Rated R, 102 min. Directed by Tom Flynn. Starring Peter Gallagher, Suzy Amis, John C. McGinley, Jon Tenny, Cynthia Stevenson, Lili Taylor, Tom Sizemore.
Flynn's debut as writer-director perhaps should have been subtitled Men Who Fear Intimacy and Commitment, and the Women Who Don't Want to Resist Them, for his work emits a banal essence that is evocative of a Sally/Geraldo/Phil/Oprah Topic-of-the-Hour. Watch It cannot really be described as entertainment per se, but rather as an ambiguous dose of reality in its social commentary on late twentysomething, early thirtysomething single males -- the Buddy Club of Male Bonding -- and their relationships with women. A loose, episodic narrative begins with the arrival of John (Gallagher) to the large Chicago home of his cousin Michael (Tenny), with whom he has been estranged from since childhood. Michael also shares his house with two pals from his college days -- Rick (McGinley) and Danny (Sizemore), and immediately the trio plunges John into an ongoing, humorous, but sophomoric contest known as “Watch It,” where it's every-man-for-himself in an attempt to outwit the other with outrageous practical jokes. As the stakes in Watch It grow higher and higher with each prank pulled, the individual agendas in friendship and romance for each man become apparent. For Rick, it's more of a way to hang on to the safety and security of an immature, frat boy's lifestyle than to grow and open up to an adult relationship with a strong-willed, but somewhat vulnerable teacher (Stevenson). To Michael -- a slick, cool womanizer -- it's a method to manipulate his way out of achieving true intimacy, especially with a willowy veterinarian (Amis) that he has been stringing along for some time. And as for John, who still hasn't found what he's looking for in life, the game becomes a defense mechanism. He doesn't want to be pulled back into the “boys will be boys” vortex that his cousin and housemates can't see to crawl out of, but he is not completely sure that he wants to be burdened with full-fledged adult emotions -- particularly when he becomes involved in a love triangle with Michael and Anne, the veterinarian. The strength in this film lies with the performances, which are so ironically credible that the majority of the characters come across as vacuous, negative people from real life. But, this may not necessarily be a good selling point for the film, either, because individuals like these characters can be encountered on any given day of one's life, and I'm not sure that it's worth paying to see art imitate life this closely.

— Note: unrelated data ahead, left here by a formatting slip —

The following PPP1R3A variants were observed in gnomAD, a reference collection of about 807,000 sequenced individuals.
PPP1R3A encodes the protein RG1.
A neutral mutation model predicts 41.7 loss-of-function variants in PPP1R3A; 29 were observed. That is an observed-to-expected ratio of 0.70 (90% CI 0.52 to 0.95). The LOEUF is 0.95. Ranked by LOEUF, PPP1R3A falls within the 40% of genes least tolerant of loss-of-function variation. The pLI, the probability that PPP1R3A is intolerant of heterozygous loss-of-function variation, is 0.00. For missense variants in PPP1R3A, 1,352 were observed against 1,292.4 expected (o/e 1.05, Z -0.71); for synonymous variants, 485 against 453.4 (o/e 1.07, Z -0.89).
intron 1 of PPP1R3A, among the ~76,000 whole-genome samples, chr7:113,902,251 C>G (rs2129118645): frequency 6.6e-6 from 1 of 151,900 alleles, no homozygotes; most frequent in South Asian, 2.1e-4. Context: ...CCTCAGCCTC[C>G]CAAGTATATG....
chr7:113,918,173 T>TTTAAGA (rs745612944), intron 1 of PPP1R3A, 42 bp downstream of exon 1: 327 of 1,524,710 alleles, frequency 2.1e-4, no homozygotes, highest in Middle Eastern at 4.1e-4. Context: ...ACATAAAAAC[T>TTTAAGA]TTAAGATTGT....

Copyright © 2022 Austin Chronicle Corporation. All rights reserved.